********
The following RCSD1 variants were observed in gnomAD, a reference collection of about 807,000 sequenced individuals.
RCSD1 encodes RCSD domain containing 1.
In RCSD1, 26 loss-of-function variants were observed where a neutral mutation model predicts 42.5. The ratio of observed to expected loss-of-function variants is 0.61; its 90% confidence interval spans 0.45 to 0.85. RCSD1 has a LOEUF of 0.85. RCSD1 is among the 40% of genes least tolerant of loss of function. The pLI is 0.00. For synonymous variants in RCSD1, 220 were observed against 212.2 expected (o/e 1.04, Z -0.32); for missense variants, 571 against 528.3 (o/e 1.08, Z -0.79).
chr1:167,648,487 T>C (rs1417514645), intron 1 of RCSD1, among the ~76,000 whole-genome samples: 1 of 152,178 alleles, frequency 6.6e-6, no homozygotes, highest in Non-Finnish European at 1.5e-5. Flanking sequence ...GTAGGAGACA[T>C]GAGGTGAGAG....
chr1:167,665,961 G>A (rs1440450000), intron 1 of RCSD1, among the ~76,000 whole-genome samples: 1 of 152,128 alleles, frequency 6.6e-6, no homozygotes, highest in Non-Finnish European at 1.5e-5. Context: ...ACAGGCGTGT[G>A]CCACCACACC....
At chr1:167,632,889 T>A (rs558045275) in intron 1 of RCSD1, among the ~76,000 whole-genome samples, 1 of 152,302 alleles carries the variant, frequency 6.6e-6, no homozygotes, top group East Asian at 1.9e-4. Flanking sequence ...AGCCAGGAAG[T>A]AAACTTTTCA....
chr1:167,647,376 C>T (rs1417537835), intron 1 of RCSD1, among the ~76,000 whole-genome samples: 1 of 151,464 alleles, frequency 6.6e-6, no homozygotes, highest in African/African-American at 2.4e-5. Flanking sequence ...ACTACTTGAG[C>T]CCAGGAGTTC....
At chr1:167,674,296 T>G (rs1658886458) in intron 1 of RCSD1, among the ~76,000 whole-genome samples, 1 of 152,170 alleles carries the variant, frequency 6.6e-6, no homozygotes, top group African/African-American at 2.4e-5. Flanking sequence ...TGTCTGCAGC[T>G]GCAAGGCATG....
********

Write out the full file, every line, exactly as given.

The following RCSD1 variants were observed in gnomAD, a reference collection of about 807,000 sequenced individuals.
RCSD1 encodes RCSD domain containing 1.
In RCSD1, 26 loss-of-function variants were observed where a neutral mutation model predicts 42.5. The ratio of observed to expected loss-of-function variants is 0.61; its 90% confidence interval spans 0.45 to 0.85. RCSD1 has a LOEUF of 0.85. RCSD1 is among the 40% of genes least tolerant of loss of function. The pLI is 0.00. For synonymous variants in RCSD1, 220 were observed against 212.2 expected (o/e 1.04, Z -0.32); for missense variants, 571 against 528.3 (o/e 1.08, Z -0.79).
chr1:167,648,487 T>C (rs1417514645), intron 1 of RCSD1, among the ~76,000 whole-genome samples: 1 of 152,178 alleles, frequency 6.6e-6, no homozygotes, highest in Non-Finnish European at 1.5e-5. Flanking sequence ...GTAGGAGACA[T>C]GAGGTGAGAG....
chr1:167,665,961 G>A (rs1440450000), intron 1 of RCSD1, among the ~76,000 whole-genome samples: 1 of 152,128 alleles, frequency 6.6e-6, no homozygotes, highest in Non-Finnish European at 1.5e-5. Context: ...ACAGGCGTGT[G>A]CCACCACACC....
At chr1:167,632,889 T>A (rs558045275) in intron 1 of RCSD1, among the ~76,000 whole-genome samples, 1 of 152,302 alleles carries the variant, frequency 6.6e-6, no homozygotes, top group East Asian at 1.9e-4. Flanking sequence ...AGCCAGGAAG[T>A]AAACTTTTCA....
chr1:167,647,376 C>T (rs1417537835), intron 1 of RCSD1, among the ~76,000 whole-genome samples: 1 of 151,464 alleles, frequency 6.6e-6, no homozygotes, highest in African/African-American at 2.4e-5. Flanking sequence ...ACTACTTGAG[C>T]CCAGGAGTTC....
At chr1:167,674,296 T>G (rs1658886458) in intron 1 of RCSD1, among the ~76,000 whole-genome samples, 1 of 152,170 alleles carries the variant, frequency 6.6e-6, no homozygotes, top group African/African-American at 2.4e-5. Flanking sequence ...TGTCTGCAGC[T>G]GCAAGGCATG....